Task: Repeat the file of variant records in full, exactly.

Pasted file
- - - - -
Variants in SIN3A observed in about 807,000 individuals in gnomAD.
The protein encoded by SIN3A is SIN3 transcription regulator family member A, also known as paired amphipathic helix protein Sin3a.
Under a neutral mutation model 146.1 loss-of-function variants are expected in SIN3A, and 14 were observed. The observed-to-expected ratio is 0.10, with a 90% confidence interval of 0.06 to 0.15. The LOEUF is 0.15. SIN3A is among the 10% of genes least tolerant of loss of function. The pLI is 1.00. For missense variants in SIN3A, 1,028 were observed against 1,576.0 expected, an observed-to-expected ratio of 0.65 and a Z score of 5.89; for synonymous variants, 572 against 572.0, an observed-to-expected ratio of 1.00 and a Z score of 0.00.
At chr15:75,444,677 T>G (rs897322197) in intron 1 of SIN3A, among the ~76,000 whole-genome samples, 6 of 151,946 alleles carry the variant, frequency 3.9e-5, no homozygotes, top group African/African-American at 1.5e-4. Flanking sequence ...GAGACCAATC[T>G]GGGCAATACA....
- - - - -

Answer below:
Variants in SIN3A observed in about 807,000 individuals in gnomAD.
The protein encoded by SIN3A is SIN3 transcription regulator family member A, also known as paired amphipathic helix protein Sin3a.
Under a neutral mutation model 146.1 loss-of-function variants are expected in SIN3A, and 14 were observed. The observed-to-expected ratio is 0.10, with a 90% confidence interval of 0.06 to 0.15. The LOEUF is 0.15. SIN3A is among the 10% of genes least tolerant of loss of function. The pLI is 1.00. For missense variants in SIN3A, 1,028 were observed against 1,576.0 expected, an observed-to-expected ratio of 0.65 and a Z score of 5.89; for synonymous variants, 572 against 572.0, an observed-to-expected ratio of 1.00 and a Z score of 0.00.
At chr15:75,444,677 T>G (rs897322197) in intron 1 of SIN3A, among the ~76,000 whole-genome samples, 6 of 151,946 alleles carry the variant, frequency 3.9e-5, no homozygotes, top group African/African-American at 1.5e-4. Flanking sequence ...GAGACCAATC[T>G]GGGCAATACA....